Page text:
Visiting Hollywood is a lot like meeting a famous movie star in person: It's smaller, older, much less attractive and far more obnoxious that you had imagined. The word "Hollywood" is synonymous with glamour, stardom and the celebrity-soaked movie industry, whereas the real Hollywood is just a seedy neighborhood in the middle of Los Angeles populated by celebrity impersonators, double-decker tour buses and wax museums. Oh, and a Frederick's of Hollywood lingerie museum.
As everyone trying to sell tickets to their walking tour will tell you, Hollywood used to be the epicenter of moviemaking in the first half of the 20th century, when most major studios built their lots and soundstages in the vicinity of the famous intersection of Hollywood and Vine. Some landmarks still exist from that golden age, including the Roosevelt Hotel and Grauman's Chinese Theatre, which both opened their doors in 1927 [source: Chinese Theatres]. But most tourists crowd the sidewalk along the 2-mile (3.2 kilometer) stretch of Hollywood Blvd. for one thing and one thing only: the Walk of Fame.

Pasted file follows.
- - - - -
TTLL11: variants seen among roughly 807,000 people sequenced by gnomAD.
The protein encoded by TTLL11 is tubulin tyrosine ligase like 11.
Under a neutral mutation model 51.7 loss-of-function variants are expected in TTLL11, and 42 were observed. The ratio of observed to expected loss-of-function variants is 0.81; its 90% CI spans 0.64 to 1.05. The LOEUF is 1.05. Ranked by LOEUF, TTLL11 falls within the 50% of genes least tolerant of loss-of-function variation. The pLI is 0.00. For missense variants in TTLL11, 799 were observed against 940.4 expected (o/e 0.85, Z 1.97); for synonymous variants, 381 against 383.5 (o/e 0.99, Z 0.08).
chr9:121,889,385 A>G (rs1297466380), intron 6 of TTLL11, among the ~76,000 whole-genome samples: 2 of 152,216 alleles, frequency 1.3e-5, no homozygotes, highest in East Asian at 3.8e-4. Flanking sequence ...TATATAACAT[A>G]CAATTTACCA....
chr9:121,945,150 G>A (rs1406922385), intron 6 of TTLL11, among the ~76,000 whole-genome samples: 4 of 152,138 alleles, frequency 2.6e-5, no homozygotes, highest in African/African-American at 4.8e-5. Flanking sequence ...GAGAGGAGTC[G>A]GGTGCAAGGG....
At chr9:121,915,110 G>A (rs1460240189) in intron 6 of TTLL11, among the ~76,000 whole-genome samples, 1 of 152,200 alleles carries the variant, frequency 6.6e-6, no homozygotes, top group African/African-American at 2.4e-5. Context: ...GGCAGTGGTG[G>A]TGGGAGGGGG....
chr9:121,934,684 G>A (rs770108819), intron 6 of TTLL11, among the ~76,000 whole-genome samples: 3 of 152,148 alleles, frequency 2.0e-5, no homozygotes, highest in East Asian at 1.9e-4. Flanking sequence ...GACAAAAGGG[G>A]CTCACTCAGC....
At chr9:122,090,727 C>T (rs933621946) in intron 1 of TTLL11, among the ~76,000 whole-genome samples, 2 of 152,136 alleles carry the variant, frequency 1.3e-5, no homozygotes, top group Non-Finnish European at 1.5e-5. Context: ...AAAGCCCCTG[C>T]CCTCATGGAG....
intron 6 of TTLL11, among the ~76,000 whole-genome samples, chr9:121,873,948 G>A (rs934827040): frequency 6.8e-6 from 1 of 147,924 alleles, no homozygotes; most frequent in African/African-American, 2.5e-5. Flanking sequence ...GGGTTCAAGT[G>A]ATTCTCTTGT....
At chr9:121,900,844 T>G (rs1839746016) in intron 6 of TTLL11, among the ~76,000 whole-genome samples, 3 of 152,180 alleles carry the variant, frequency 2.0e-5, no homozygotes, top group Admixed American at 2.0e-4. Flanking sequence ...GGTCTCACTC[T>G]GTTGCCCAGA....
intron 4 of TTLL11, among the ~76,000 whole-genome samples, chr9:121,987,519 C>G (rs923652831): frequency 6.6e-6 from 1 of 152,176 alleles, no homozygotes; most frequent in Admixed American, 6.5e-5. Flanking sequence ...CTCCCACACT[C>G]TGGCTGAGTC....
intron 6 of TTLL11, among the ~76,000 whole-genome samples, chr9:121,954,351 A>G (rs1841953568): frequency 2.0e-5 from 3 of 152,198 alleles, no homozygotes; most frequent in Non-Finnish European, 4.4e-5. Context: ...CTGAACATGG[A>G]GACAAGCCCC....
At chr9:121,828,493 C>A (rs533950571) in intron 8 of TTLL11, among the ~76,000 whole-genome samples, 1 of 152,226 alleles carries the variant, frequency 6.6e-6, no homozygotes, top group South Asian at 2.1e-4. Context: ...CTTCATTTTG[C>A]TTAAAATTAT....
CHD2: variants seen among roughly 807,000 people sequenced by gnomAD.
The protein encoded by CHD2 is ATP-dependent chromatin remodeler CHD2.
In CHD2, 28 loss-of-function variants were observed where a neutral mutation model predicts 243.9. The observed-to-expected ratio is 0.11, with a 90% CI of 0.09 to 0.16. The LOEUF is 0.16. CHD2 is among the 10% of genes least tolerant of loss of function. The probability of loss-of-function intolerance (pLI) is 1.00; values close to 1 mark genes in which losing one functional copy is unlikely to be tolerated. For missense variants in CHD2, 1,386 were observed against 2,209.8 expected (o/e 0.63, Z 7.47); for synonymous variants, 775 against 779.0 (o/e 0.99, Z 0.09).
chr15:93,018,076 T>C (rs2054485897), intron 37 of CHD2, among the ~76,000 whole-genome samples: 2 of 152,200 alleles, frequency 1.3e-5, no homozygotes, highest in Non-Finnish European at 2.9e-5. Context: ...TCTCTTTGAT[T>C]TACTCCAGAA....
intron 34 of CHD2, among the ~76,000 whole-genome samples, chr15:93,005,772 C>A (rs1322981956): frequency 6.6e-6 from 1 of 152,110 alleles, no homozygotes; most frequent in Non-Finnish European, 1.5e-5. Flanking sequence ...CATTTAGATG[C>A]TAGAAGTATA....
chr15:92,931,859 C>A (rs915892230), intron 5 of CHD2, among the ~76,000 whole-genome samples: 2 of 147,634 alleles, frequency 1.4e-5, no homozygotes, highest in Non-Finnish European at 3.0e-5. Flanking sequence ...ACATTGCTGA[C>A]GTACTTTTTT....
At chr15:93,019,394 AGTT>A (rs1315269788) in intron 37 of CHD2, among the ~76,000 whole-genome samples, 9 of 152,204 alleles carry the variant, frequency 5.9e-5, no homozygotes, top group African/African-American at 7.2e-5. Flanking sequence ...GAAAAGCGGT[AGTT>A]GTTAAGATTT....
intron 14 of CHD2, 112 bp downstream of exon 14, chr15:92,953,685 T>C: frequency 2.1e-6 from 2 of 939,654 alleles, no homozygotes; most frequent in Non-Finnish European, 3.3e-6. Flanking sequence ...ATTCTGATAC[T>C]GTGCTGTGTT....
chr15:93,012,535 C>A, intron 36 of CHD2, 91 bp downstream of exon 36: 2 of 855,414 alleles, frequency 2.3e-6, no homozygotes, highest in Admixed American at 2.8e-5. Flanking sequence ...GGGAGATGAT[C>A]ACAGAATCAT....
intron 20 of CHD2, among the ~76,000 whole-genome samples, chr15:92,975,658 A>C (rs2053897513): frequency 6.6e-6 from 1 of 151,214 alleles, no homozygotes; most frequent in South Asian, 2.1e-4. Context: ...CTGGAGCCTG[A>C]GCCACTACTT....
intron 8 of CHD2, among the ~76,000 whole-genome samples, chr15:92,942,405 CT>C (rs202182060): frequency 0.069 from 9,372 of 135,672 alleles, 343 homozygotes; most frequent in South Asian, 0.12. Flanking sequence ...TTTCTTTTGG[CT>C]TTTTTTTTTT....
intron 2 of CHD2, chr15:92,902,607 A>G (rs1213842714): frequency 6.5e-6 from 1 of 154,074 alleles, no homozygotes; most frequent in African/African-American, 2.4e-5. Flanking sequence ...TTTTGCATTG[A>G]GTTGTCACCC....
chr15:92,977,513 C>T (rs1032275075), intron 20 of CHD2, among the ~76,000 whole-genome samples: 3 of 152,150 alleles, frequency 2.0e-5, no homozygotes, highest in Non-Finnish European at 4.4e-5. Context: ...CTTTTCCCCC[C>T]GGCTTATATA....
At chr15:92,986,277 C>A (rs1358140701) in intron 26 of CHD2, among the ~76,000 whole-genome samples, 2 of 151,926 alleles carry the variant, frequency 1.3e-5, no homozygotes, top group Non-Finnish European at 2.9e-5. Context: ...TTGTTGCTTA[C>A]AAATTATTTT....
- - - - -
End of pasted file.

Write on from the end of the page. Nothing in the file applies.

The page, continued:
Is there a more underwhelming tourist attraction in the world than the Hollywood Walk of Fame? Why do people travel halfway around the world to stand on the name of a semi-famous person while a dude dressed like Lady Gaga hounds you to take his picture? There are more than 2,000 names etched into the Hollywood Walk of Fame, and odds are you know 57 of them. If you're 18 or younger, you know about three. Now who's up for lunch at the Bubba Gump Shrimp Co.?